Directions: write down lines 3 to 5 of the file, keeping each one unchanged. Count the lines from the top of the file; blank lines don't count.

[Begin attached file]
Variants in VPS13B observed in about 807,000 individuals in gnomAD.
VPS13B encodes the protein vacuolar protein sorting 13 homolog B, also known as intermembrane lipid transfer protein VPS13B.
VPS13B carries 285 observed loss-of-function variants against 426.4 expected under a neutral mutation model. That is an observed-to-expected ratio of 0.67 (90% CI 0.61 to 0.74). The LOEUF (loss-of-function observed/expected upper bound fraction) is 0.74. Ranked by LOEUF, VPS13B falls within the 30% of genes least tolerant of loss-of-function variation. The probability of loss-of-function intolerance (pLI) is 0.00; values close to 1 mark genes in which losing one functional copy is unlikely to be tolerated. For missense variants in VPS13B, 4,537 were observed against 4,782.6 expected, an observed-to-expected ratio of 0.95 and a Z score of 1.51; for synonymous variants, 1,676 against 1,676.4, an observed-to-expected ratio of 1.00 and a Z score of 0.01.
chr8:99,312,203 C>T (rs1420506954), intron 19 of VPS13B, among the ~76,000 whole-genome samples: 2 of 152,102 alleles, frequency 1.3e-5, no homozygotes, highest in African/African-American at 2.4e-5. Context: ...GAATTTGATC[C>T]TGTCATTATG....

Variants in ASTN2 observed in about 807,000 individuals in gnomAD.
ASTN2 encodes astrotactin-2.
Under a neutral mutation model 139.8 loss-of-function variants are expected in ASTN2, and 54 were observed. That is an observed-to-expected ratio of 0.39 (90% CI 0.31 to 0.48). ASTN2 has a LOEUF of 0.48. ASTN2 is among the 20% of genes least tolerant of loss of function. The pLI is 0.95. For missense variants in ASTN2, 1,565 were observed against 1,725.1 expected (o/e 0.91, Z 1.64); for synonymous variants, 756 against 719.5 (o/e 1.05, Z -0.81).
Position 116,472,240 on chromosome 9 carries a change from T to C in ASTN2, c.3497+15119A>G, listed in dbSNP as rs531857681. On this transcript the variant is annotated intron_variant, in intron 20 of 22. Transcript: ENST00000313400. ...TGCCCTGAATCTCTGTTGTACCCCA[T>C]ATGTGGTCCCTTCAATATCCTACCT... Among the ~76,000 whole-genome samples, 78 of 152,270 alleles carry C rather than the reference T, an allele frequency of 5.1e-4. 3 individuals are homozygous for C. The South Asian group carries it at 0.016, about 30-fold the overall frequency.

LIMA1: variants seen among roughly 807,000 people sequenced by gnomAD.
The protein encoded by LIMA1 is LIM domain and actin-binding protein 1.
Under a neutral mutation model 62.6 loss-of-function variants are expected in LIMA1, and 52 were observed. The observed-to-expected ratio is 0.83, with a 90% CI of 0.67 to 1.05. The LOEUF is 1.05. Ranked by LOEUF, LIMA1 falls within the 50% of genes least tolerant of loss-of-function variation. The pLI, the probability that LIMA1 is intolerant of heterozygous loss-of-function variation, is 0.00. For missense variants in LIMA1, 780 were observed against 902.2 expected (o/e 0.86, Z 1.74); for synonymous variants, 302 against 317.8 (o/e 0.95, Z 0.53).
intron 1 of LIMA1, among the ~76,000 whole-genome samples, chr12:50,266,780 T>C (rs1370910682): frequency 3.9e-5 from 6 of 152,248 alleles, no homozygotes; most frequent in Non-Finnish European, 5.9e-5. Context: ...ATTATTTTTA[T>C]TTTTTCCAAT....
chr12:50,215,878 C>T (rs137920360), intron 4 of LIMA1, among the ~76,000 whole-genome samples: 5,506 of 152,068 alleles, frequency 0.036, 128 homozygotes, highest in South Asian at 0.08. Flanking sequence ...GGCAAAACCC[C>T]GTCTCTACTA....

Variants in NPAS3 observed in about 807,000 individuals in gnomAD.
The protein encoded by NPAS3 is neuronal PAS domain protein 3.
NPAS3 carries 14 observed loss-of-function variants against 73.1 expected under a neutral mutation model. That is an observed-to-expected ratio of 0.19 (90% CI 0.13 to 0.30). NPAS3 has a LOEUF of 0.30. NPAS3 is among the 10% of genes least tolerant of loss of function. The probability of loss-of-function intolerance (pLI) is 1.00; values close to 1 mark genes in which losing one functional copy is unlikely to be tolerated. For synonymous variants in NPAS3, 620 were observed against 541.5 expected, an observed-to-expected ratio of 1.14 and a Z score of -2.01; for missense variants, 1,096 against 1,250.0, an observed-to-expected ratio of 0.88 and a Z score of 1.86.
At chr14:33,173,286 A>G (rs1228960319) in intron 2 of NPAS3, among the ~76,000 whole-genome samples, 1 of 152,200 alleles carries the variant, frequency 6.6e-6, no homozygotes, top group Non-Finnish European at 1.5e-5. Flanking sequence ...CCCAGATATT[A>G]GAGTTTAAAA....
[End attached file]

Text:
VPS13B carries 285 observed loss-of-function variants against 426.4 expected under a neutral mutation model. That is an observed-to-expected ratio of 0.67 (90% CI 0.61 to 0.74). The LOEUF (loss-of-function observed/expected upper bound fraction) is 0.74. Ranked by LOEUF, VPS13B falls within the 30% of genes least tolerant of loss-of-function variation. The probability of loss-of-function intolerance (pLI) is 0.00; values close to 1 mark genes in which losing one functional copy is unlikely to be tolerated. For missense variants in VPS13B, 4,537 were observed against 4,782.6 expected, an observed-to-expected ratio of 0.95 and a Z score of 1.51; for synonymous variants, 1,676 against 1,676.4, an observed-to-expected ratio of 1.00 and a Z score of 0.01.
chr8:99,312,203 C>T (rs1420506954), intron 19 of VPS13B, among the ~76,000 whole-genome samples: 2 of 152,102 alleles, frequency 1.3e-5, no homozygotes, highest in African/African-American at 2.4e-5. Context: ...GAATTTGATC[C>T]TGTCATTATG....

Variants in ASTN2 observed in about 807,000 individuals in gnomAD.